Electric cars by the numbers:
1,000,000: the federal government’s goal of number of electric cars on the road by 2015.
50,000: the number of electric cars sold in the U.S. in 2012.
$100,000: the price of the Fisker of which you are subsidizing the production… in Finland.
30,000: the number of pounds of carbon-dioxide emissions from the production of an electric car.
14,000: that number for a conventional car.
A big chunk of that 30,000 lbs. comes from the production of the batteries which require lithium-ion of which the Chi-comms have a virtual corner on the market and whom have never been confused with the Sierra Club in their extraction of the rare earths required for most green energy applications.
$10,000: the replacement price tag for a new car battery.
It is duly noted that we haven’t yet figured out how to safely dispose of the lithium-ion in the battery.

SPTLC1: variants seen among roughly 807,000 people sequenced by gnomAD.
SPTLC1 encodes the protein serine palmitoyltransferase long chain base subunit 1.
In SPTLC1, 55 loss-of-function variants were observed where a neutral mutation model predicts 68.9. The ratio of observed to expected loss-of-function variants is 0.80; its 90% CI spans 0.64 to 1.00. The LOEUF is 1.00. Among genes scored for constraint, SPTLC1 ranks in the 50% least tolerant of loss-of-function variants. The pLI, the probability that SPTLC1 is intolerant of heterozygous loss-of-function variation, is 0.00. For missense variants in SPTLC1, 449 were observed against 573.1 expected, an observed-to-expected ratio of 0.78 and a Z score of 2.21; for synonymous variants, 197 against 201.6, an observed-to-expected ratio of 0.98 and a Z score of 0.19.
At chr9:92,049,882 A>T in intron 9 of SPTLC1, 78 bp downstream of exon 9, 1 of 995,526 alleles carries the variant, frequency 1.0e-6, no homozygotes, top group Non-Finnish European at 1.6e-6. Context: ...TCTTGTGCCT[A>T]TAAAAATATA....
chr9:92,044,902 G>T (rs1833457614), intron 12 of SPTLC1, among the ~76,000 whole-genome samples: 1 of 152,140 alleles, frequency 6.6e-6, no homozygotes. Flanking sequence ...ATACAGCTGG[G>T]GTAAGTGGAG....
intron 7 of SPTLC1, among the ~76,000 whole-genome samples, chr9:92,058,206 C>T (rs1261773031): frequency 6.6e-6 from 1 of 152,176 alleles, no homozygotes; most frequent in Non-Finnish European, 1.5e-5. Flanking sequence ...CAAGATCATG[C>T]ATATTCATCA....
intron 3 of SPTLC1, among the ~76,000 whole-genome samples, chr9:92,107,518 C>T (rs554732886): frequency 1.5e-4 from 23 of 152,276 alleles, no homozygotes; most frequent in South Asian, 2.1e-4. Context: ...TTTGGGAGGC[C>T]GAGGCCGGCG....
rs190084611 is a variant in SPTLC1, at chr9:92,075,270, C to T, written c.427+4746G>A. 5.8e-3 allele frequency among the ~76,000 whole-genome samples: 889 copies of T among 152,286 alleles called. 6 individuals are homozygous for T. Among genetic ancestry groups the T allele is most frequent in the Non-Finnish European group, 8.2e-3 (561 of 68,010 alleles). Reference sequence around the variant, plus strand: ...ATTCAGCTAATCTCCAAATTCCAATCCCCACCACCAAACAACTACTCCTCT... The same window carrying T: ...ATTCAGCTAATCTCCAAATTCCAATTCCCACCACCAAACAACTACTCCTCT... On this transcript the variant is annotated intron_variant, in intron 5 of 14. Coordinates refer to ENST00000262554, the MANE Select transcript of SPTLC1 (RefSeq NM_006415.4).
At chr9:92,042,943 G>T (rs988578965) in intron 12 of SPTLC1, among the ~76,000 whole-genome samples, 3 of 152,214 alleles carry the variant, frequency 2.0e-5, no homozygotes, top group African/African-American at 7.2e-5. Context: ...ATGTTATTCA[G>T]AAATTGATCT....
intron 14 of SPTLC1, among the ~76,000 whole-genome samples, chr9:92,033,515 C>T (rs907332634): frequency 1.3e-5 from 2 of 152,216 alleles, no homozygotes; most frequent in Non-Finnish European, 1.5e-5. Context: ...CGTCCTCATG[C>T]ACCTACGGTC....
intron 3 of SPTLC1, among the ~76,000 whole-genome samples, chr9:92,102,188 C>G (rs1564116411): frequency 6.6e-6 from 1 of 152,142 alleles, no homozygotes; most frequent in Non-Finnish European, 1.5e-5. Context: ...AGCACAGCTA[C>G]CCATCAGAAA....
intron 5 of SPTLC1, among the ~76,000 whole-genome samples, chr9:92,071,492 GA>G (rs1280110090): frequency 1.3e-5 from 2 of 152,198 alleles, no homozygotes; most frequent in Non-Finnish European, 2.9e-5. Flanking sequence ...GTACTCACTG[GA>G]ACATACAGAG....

80,000: the number of miles needed for an electric car to be driven to break even with the amount of carbon-dioxide that is emitted in the production of said electric car.
Slim and none: the chances your electric car’s odometer will see 80,000 miles because…
73: the range in miles per charge for a Nissan Leaf and…
6: average mph for an extended road trip owing to extensive battery charging time and…
55: the range in miles per charge of that Leaf after 5 years.
Bottom line: you better be doing a hell of a lot of senseless and logistically ill-conceived running of errands around town in order to make your electric car pay off from an environmental standpoint.
And in case anyone forgot:
$7,500: the amount you are subsidizing others’ efforts to feel morally superior by purchasing an electric car.
$5.5 billion: the amount we are giving in federal grants and loans to an industry that builds $100,000 vehicles.
We feel the need to go on the record as saying we are not opposed to green energy, per se. However, the manner in which it currently is pursued as a hodge-podge of tax-payer supported crony capitalism via methodologies and industry practices that are the antithesis of "green" makes us strident opponents.
Call us back when we stop giving billions to wealthy politically-connected "investors" and when green technology starts making long-term sense both financially and environmentally because, right now, it's not even close.